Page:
[ClusterLabs] Different Times in the Corosync Log?

Ken Gaillot kgaillot at redhat.com
Tue Aug 21 11:33:39 EDT 2018

Whoa, I think you win some sort of fubar prize. :-)

AFAIK, any OS-level time or timezone change affects all processes
equally. (I occasionally deal with cluster logs where the OS time
jumped backward or forward, and all logs system-wide are equally

Some applications have their own timezone setting that can override the
system default, but pacemaker isn't one of them. It's even more bizarre
when you consider that the daemons here are the children of the same
process (pacemakerd), and thus have an identical set of environment
variables and so forth. (And as Jan pointed out, they appear to have
been started within a fraction of a second of each other.)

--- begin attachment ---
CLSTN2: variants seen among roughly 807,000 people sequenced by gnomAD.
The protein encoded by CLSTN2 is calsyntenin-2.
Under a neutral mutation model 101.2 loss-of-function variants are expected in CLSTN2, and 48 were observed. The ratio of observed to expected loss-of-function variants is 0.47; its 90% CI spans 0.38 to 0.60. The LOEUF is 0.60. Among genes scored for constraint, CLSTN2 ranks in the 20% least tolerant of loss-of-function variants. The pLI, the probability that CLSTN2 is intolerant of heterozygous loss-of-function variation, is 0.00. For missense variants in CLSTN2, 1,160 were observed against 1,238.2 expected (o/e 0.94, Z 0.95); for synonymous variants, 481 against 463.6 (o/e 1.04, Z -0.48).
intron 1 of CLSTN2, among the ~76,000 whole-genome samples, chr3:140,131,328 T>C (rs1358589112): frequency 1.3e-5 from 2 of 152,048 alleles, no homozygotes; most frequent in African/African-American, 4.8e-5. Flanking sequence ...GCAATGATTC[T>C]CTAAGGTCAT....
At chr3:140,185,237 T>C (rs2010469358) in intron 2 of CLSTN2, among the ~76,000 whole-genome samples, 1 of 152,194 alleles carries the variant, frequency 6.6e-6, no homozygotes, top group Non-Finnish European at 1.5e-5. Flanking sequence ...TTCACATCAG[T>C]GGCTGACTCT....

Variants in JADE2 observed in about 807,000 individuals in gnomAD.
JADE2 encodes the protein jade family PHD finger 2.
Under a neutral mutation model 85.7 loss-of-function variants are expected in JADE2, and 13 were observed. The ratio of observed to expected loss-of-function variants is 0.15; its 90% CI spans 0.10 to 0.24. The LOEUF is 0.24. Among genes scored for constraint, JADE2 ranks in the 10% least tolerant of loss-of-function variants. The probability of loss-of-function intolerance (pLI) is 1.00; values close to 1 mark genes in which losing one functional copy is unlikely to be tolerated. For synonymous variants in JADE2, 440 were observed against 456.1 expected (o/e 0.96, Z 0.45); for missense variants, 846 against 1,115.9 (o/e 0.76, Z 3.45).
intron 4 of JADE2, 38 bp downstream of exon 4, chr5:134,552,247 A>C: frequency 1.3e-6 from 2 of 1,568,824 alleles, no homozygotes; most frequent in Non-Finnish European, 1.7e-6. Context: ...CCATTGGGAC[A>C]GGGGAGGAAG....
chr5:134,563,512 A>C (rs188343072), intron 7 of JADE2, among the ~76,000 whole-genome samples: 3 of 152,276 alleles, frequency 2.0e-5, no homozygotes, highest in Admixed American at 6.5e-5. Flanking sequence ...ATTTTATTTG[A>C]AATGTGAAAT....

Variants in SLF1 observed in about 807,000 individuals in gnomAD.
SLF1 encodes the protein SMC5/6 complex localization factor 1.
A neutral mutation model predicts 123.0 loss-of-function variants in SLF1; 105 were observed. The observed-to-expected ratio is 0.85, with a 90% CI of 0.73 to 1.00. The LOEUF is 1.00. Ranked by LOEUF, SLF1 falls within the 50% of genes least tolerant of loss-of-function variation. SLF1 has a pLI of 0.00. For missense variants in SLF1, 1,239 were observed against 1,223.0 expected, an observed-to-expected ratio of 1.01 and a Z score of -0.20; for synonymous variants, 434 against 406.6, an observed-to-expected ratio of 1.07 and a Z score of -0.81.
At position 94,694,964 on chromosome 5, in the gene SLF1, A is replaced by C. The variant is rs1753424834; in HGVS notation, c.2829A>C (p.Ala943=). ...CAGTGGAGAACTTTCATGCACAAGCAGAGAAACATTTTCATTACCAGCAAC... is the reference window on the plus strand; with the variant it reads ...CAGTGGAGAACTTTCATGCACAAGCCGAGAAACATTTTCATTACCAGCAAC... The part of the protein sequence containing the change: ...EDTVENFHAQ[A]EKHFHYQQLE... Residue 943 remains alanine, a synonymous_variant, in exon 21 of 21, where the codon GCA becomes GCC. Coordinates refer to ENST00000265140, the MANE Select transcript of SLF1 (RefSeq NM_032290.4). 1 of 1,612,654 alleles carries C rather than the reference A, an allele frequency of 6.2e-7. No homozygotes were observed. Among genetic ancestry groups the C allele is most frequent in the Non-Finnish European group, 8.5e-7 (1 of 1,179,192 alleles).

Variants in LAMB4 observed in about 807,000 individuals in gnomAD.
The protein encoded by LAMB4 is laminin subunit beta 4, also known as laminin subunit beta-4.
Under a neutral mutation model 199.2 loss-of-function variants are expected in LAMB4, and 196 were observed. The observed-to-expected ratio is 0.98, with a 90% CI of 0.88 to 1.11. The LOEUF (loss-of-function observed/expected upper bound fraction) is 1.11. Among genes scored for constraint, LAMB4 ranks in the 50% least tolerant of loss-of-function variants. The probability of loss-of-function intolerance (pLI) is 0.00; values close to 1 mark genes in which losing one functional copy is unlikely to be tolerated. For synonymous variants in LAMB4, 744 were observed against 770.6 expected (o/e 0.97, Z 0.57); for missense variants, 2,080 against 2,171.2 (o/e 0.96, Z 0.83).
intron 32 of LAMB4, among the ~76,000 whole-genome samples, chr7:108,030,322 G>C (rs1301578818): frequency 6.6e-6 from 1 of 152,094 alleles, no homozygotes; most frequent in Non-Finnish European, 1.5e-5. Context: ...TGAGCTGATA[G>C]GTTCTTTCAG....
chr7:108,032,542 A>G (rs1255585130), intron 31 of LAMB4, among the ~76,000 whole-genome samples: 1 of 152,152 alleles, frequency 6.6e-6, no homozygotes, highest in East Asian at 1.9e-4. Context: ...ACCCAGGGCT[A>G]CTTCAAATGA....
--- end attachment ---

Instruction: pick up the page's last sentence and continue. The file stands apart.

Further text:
Apparently there is a dateshift kernel module that can put particular
processes in different apparent times, but I assume you'd know if you
did that on purpose. :-) It does occur to me that the module would be a
great prank to play on someone (especially combined with a cron job
that randomly altered the configuration).

If you figure this out, I'd love to hear what it was. Gremlins ...

On Tue, 2018-08-21 at 11:45 +0200, Jan Pokorný wrote:
> On 21/08/18 08:43 +0000, Eric Robinson wrote:
> > > I could guess that the processes run with different timezone
> > > settings (for whatever reason).
> > 
> > That would be my guess, too, but I cannot imagine how they ended up
> > in that condition. 
> Hard to guess, the PIDs indicate the expected state of covering a
> very
> short interval sequentially (i.e. no intermittent failure recovered
> with
> a restart of lrmd, AFAICT).  In case it can have any bearing, how do
> you start pacemaker -- systemd, initscript, as a corosync plugin,
> something else?
Ken Gaillot <kgaillot at redhat.com>

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